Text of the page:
by Marshall Goldsmith
Our mojo is apparent when there’s no gap between the positive way we perceive ourselves and how we are perceived by others. Four vital ingredients need to be combined in order for you to have great mojo.
The first is your identity. Who do you think you are? Often I ask people this question and their first response is, “Well, I think I’m perceived as someone who… .” I stop them immediately, saying, “I didn’t ask you to analyze how you think other people see you. I want to know who you think you are. Taking everyone else in the world out of the equation, how do you perceive yourself?” What follows is often a long period of silence as they struggle to get their self-image into focus. Without a firm handle on our identity, we may never understand why we gain — or lose — our mojo.
The second element is achievement. What have you done lately? If you’re a salesperson, this might be landing a big account. If you’re a creative type, it could be coming up with a breakthrough idea. This is a more subtle question because we often underrate or overrate our achievements based on how easy or hard they were to pull off.
For example, one of the most senior human resources executives I know told me she could pinpoint the exact moment her career took off — though she thought nothing of it at the time. She was the assistant to her company’s CEO. One day she heard him complaining about the company’s tracking system for expenses. That night, she wrote him a memo on how she would streamline the system. It didn’t require much effort on her part; as someone who had been filling out the CEO’s travel and entertainment reports for years, she had a very good sense of the reimbursement system already in place. But the memo impressed her boss, who almost immediately moved her into the human resources department, where she could shake things up with her ideas. In her manager’s eyes, she clearly demonstrated insight, initiative and executive ability — and her memo became the moment that jump-started her career from assistant to where she is today, overseeing hundreds of employees.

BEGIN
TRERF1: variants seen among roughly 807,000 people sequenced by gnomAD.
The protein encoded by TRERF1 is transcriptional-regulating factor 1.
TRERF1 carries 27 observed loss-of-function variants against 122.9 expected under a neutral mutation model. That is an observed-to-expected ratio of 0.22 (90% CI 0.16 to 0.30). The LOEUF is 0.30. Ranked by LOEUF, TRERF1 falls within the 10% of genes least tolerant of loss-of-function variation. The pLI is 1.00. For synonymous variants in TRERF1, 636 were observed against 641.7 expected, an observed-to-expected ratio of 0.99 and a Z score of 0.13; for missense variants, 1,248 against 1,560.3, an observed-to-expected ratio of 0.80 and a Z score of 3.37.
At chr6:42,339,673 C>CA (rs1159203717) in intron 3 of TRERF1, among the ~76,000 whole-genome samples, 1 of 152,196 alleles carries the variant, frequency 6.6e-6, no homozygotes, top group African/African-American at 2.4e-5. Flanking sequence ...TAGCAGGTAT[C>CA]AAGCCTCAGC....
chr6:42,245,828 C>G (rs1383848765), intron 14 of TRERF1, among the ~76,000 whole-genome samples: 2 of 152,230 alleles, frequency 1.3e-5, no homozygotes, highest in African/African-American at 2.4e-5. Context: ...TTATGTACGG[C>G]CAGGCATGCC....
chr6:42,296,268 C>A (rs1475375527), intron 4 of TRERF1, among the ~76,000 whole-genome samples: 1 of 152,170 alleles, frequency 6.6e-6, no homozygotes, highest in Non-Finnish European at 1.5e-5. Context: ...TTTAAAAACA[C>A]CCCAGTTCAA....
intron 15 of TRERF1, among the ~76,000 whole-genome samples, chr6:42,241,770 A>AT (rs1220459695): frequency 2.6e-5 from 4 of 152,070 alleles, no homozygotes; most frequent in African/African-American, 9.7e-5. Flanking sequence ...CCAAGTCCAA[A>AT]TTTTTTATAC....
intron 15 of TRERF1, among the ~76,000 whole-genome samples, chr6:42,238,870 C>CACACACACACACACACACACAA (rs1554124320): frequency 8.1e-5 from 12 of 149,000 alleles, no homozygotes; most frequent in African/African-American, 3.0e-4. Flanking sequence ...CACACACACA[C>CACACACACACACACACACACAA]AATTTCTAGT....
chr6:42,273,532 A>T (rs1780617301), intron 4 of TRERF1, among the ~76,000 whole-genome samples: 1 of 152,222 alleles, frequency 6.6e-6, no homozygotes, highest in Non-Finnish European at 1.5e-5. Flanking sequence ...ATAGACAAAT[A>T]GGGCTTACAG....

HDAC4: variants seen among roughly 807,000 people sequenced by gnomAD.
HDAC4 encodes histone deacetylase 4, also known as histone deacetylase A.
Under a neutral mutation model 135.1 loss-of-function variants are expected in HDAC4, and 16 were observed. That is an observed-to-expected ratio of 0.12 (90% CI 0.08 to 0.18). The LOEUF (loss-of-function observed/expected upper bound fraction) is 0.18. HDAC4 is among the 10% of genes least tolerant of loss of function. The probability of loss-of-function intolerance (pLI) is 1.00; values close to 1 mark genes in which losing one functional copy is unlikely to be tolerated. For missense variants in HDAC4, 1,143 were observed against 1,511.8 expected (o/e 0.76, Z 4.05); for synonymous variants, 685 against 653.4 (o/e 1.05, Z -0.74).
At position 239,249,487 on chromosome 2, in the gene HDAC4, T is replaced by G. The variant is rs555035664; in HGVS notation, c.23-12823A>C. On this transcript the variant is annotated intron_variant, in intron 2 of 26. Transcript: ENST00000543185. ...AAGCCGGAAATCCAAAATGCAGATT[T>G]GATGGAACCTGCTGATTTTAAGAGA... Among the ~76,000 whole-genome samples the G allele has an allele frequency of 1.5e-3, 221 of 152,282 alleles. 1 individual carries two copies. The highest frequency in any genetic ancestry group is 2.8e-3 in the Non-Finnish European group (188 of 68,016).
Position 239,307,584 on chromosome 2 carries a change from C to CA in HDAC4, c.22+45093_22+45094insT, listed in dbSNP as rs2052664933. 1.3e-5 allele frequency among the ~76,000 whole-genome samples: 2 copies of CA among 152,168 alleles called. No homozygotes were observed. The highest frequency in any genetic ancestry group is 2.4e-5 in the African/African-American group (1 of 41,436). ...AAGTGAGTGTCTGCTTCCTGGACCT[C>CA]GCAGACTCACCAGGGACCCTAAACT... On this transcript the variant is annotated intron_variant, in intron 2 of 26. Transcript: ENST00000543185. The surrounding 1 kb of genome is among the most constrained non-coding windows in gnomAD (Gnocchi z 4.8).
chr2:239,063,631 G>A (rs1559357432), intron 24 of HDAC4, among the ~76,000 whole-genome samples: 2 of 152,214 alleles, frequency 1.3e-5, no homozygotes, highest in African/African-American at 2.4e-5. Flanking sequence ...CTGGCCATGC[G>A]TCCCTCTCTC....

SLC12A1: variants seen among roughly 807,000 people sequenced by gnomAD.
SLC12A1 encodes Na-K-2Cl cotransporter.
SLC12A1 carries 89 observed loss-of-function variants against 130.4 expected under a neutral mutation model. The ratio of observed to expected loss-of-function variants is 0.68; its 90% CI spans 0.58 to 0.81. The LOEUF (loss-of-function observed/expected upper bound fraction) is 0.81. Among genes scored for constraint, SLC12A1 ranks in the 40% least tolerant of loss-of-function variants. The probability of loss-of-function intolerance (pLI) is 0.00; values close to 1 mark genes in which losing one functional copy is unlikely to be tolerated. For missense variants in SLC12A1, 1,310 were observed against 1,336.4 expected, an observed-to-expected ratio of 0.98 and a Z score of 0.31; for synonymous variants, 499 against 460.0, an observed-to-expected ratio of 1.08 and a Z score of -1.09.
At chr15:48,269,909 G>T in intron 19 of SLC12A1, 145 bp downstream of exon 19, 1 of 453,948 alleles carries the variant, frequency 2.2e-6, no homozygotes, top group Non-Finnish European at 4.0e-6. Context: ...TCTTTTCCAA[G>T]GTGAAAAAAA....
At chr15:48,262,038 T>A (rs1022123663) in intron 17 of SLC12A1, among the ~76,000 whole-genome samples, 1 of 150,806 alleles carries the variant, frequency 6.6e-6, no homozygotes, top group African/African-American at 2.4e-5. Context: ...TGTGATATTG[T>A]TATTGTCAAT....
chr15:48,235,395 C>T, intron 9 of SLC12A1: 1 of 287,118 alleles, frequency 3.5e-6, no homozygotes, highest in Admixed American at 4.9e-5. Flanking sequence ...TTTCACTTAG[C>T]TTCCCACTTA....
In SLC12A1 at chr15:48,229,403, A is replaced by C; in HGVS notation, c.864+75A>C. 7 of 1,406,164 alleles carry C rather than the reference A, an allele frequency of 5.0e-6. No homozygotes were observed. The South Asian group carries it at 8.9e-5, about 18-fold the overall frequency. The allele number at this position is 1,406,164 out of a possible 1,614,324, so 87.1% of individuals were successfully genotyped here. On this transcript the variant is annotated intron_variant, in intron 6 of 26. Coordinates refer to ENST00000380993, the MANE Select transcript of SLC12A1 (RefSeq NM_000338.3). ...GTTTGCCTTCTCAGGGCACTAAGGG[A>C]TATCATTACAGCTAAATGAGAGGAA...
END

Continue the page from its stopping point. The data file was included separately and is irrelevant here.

Look at achievements from two perspectives: what we bring to the task and what the task gives to us. Until we can honestly put a value on what we’ve accomplished lately, we may not be able to create or regain our mojo.
The third element is reputation. Who do other people think you are? What do other people think you’ve done lately? Unlike questions about identity and achievement, there’s no subtlety here. While identity and achievement are definitions you develop for yourself, your reputation is a scoreboard kept by others. Your co-workers, customers, friends and sometimes strangers grab the right to grade your performance — and report their opinions to the rest of the world. Although you can’t take total control of your reputation, there’s a lot you can do to maintain or improve it, which can have an enormous impact on your mojo.
The fourth element to building mojo is acceptance. What can you change, and what is beyond your control? On the surface, acceptance — being realistic about what we can and cannot change in our lives and accommodating ourselves to those facts — should be easy. After all, how hard is it to resign yourself to the reality of a situation? You assess it, take a deep breath and accept it. Yet acceptance is often one of our greatest challenges.
Rather than accept that their manager has authority over their work, some employees constantly fight with their bosses, a strategy that rarely ends well. Rather than deal with the disappointment of getting passed over for a promotion, they’ll whine “It’s not fair” to anyone who will listen, a strategy that rarely enhances their image among their peers. Rather than take a business setback in stride, they’ll hunt for scapegoats, laying blame on everyone but themselves, a strategy that rarely teaches them how to avoid future setbacks. When mojo fades, the initial cause is often failure to accept what is — and get on with life.
By understanding the impact and interaction of identity, achievement, reputation and acceptance, we can alter our mojo at work and at home.